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From Janne Jalkanen <>
Subject Re: UIMA [WAS Re: Suspending Projects]
Date Fri, 20 Feb 2009 10:15:29 GMT
> My pet hypothesis (or maybe I'm just looking for excuses) is
> this: UIMA is heavily used in academia.  Now academics have no
> problems with open source, to the contrary.  But they have an
> overwhelming need to publish and build up a reputation.  So
> they like to publish their source code on their own web site,
> where it's clear it's their work, rather than contribute to
> some community effort.  If you look around, you'll see all
> manner of university efforts around UIMA, but very little of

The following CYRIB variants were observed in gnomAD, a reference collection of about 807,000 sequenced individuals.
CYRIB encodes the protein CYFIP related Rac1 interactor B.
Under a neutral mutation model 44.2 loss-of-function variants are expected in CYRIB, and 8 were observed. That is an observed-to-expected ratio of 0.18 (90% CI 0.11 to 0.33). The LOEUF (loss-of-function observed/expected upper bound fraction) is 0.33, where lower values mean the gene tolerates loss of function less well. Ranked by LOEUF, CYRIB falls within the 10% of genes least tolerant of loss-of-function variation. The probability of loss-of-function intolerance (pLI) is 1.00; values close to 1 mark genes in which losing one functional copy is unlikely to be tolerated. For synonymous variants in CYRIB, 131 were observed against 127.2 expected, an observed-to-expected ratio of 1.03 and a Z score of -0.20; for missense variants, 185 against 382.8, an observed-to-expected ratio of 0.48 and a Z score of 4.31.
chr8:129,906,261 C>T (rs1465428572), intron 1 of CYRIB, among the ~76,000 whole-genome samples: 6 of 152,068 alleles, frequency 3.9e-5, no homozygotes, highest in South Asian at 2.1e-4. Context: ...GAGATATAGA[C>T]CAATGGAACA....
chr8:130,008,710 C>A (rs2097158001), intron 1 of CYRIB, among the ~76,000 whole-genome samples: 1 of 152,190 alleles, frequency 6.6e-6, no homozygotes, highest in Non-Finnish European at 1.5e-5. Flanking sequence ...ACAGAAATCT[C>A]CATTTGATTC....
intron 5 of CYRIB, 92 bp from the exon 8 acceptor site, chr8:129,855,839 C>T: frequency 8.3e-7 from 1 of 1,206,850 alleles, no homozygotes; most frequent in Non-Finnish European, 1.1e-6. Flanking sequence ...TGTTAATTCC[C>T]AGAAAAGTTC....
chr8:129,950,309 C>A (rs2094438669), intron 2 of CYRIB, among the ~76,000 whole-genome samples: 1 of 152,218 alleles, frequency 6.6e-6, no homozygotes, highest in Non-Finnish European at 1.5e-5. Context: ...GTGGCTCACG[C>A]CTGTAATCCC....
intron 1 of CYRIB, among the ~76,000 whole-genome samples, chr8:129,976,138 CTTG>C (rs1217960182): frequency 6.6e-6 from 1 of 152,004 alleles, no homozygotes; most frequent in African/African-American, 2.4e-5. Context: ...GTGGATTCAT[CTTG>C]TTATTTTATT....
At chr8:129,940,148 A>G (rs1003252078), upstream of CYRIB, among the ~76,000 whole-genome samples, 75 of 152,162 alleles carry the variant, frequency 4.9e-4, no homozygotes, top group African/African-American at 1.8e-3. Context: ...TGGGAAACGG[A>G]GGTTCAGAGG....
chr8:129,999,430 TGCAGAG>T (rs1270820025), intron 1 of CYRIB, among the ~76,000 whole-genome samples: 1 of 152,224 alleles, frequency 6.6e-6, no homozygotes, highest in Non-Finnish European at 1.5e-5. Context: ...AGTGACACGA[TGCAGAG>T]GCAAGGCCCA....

> that code finds its way back into the ASF repo.

FWIW, I've noticed this with JSPWiki too - there are at least three
(maybe four-five) separate forks of the JSPWiki codebase within the
academia, with little contribution back to us.

There are a few additional reasons for this: 

* The authors feel that their code is not mature enough for inclusion,
  and often they may be right - code is created to solve a specific
  problem and on a proof-of-concept level with little regard to
  e.g. maintainability.

* Often, the forks are not maintained after the paper is completed and
  published.  The authors move to different subjects, and have little
  interest to keep working on the codebase (which might be needed in
  case of invasive modifications)

* It brings them no benefit to contribute back, since there is little
  attachment to the project itself.  What's important is their
  modifications; the project itself is just necessary noise which
  allows them to tinker with their grand ideas.

(Yeah, I worked for the uni for three years ;-)


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